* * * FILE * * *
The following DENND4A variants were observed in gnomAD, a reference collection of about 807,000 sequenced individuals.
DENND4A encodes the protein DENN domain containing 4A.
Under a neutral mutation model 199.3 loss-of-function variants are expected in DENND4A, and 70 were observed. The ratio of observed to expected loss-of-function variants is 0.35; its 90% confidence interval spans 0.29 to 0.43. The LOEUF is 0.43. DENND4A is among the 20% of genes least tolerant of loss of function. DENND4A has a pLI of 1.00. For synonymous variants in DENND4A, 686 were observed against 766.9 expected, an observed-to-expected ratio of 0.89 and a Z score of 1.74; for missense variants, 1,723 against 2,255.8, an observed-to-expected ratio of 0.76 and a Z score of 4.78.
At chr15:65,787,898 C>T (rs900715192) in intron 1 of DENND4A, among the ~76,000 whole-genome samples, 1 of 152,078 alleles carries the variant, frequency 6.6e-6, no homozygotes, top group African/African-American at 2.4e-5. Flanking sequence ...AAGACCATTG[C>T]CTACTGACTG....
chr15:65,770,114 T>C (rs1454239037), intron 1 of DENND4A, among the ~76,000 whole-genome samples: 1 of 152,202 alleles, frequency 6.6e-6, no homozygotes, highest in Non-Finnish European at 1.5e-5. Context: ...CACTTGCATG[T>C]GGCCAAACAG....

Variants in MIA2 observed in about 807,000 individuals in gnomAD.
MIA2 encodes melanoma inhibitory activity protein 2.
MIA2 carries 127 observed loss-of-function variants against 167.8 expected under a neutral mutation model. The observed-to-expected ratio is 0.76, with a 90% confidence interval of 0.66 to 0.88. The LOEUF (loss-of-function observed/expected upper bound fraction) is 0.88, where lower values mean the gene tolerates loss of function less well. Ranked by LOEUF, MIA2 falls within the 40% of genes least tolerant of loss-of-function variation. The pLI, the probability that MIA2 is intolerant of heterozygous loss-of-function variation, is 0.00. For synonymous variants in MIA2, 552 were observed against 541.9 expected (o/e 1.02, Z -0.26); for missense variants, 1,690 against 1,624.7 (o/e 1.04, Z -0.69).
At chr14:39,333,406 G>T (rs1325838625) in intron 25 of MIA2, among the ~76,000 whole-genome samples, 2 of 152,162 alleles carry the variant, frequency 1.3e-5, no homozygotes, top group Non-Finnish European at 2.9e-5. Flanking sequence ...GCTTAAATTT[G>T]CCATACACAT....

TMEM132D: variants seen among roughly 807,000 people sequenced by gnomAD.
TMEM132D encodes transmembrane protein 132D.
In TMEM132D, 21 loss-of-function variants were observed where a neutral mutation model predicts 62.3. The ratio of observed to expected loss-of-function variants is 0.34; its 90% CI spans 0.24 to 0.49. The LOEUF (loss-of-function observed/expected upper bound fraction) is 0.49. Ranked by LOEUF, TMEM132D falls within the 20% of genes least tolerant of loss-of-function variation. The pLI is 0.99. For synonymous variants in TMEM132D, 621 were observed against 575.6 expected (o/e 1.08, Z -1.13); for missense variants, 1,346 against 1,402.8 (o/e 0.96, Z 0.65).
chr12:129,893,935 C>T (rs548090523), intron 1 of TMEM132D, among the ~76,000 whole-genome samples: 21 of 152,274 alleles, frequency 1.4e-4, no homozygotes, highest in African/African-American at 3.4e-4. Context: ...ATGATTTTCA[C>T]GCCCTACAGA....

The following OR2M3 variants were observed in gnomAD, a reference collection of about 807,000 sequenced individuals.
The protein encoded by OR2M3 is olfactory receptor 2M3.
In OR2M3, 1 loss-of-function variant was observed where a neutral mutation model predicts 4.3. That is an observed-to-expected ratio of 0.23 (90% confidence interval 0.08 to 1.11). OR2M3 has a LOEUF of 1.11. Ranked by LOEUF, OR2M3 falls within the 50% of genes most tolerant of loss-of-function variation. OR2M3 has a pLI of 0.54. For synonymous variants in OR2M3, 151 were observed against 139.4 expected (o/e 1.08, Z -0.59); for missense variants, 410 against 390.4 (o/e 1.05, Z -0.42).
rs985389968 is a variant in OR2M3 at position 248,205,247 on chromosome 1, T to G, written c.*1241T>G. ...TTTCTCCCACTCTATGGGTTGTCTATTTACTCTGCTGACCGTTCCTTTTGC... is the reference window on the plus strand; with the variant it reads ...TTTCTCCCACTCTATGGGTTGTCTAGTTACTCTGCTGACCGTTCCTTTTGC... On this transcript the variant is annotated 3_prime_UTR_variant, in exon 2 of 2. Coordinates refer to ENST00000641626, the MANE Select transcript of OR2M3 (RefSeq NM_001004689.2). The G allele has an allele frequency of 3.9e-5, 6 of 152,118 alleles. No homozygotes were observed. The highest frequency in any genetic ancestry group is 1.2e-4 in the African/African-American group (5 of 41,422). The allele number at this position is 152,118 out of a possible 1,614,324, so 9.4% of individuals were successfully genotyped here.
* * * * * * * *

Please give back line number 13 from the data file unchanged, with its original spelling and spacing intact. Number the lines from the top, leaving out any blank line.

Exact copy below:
chr12:129,893,935 C>T (rs548090523), intron 1 of TMEM132D, among the ~76,000 whole-genome samples: 21 of 152,274 alleles, frequency 1.4e-4, no homozygotes, highest in African/African-American at 3.4e-4. Context: ...ATGATTTTCA[C>T]GCCCTACAGA....